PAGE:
After our post last week about a new law that requires restaurants to record automatic gratuity as employee pay, we heard a range of feedback from restaurant leaders. Some shared their experiences with adapting to the new law. Others shared concerns they see moving forward. One thing is sure: the new law has people talking.
Matthew Simmons, President and Director at Capital Ale House in Richmond, Virginia, reports that at first, his staff and management decided to do away with auto-gratuities. Instead, they opted for a "suggested gratuity" calculator, which lists tip percentages and amounts on the bottom of the guest check.
Their hope was that staff would make more money with the switch. But one week after adding the suggested gratuity calculator to their checks, Simmons said his service staff "want it removed:"
David Schearer is an Operations Manager at Wild Wing Cafe in New Orleans. In cases where restaurants decide to ditch automatic gratuity for large parties, he urges managers to take a proactive approach to let customers know of the change:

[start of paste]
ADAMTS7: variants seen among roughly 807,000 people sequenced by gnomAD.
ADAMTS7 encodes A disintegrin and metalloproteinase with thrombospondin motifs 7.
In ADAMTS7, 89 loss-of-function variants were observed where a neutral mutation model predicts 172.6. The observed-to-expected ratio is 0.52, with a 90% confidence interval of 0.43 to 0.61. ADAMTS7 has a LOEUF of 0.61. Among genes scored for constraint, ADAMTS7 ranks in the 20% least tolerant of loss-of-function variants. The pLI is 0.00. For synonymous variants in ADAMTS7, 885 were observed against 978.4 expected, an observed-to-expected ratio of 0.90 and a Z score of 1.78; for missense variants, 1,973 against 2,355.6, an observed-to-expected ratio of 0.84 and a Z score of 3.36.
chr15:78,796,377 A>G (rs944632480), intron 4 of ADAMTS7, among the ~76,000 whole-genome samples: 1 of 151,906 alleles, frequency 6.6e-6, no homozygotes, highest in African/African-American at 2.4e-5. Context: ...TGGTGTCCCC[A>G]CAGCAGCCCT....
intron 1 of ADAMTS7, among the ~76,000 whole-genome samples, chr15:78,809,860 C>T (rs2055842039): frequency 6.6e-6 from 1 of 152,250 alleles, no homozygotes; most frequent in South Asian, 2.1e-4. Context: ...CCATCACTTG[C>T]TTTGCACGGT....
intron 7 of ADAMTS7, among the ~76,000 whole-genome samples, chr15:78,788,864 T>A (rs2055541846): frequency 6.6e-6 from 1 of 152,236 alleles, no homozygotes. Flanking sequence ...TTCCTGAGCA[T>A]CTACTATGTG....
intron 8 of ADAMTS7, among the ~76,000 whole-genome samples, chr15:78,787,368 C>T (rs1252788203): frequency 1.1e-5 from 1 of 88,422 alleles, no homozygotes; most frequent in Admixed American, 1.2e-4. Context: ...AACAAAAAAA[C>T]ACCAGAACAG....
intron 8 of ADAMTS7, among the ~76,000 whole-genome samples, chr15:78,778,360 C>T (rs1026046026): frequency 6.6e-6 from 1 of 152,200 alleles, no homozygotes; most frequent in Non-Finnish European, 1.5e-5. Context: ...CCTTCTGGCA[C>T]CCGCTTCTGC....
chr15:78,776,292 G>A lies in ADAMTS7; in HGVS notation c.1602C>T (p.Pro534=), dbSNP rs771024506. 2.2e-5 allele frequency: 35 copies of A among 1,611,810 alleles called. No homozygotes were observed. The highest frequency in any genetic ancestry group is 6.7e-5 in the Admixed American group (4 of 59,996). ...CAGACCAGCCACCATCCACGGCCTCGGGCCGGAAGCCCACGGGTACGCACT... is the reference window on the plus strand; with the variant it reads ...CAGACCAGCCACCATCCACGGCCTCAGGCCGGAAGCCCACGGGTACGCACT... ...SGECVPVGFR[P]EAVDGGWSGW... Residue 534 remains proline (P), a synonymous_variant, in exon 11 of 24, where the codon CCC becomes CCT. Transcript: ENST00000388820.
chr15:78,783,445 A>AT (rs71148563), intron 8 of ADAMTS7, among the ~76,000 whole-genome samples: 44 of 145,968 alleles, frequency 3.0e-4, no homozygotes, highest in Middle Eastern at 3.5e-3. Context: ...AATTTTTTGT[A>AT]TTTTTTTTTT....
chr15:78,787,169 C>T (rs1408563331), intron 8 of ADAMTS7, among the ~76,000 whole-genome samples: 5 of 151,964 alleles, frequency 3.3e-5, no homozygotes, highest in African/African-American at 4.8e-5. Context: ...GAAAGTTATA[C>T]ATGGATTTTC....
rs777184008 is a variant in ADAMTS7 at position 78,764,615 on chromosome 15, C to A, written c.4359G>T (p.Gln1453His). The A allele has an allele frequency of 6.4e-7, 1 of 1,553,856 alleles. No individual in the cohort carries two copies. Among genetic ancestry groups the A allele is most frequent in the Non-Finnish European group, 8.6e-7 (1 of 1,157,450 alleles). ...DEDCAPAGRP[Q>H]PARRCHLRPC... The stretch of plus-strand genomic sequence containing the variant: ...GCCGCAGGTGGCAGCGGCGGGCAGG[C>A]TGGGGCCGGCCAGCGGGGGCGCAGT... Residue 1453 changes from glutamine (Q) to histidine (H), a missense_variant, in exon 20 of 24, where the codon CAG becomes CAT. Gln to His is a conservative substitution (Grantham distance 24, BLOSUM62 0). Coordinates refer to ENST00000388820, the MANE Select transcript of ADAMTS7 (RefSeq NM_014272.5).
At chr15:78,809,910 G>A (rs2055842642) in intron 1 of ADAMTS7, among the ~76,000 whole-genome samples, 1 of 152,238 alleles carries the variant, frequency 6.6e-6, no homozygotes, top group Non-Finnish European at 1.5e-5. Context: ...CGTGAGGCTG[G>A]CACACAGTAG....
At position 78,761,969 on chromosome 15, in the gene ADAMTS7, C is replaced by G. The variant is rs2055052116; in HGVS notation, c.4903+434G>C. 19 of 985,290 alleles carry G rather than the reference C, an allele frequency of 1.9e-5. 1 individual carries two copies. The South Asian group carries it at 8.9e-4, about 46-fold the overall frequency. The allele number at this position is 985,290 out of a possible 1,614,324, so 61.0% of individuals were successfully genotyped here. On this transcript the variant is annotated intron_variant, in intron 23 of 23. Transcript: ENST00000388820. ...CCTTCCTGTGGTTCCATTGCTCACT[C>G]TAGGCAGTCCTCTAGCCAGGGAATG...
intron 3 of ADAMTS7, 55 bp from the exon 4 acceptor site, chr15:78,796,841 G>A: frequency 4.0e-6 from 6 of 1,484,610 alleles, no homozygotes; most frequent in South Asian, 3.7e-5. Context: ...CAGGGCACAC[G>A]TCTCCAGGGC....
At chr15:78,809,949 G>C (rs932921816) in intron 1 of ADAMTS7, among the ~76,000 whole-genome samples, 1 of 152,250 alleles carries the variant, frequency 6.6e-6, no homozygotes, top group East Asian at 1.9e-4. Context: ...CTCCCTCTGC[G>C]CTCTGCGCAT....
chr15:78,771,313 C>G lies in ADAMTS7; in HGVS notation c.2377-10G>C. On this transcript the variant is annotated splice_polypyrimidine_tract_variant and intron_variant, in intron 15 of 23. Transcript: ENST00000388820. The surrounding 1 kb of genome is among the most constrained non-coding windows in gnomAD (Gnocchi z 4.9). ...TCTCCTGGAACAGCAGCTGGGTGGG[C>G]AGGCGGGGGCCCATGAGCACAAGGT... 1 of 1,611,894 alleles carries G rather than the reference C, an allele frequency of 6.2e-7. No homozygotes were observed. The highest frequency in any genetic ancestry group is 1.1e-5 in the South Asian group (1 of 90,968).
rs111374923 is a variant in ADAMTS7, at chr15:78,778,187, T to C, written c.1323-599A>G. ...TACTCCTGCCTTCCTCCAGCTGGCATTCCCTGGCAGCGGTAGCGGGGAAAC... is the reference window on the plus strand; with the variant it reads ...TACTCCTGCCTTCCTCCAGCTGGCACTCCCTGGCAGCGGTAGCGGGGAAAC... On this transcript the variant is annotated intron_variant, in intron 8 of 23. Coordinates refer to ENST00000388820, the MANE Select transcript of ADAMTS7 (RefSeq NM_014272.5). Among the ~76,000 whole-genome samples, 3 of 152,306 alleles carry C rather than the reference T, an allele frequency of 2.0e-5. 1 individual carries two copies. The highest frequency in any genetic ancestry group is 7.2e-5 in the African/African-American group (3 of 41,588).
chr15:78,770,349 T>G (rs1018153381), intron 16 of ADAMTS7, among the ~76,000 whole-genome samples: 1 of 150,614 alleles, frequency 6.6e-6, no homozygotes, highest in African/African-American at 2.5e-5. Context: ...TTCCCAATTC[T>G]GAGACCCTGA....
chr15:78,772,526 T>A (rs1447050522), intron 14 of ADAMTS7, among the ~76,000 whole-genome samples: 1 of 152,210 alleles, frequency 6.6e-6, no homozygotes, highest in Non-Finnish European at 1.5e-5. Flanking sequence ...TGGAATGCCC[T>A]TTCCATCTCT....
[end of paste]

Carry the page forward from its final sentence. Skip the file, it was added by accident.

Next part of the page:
Yet another manager, this one at a high-volume restaurant in South Carolina, said his servers have been hit hardest since they did away with automatic gratuity:
In the wake of the new law, it will be interesting to see how service industry practices adapt. Will servers' pay go up, down, or stay the same? Some restaurants may choose to keep automatic gratuities, while others may try suggested tip calculators, or other approaches to encourage tippers without the requisite. What's clear is that we are seeing shifts in the culture of tipping practices and the conversation is only getting started.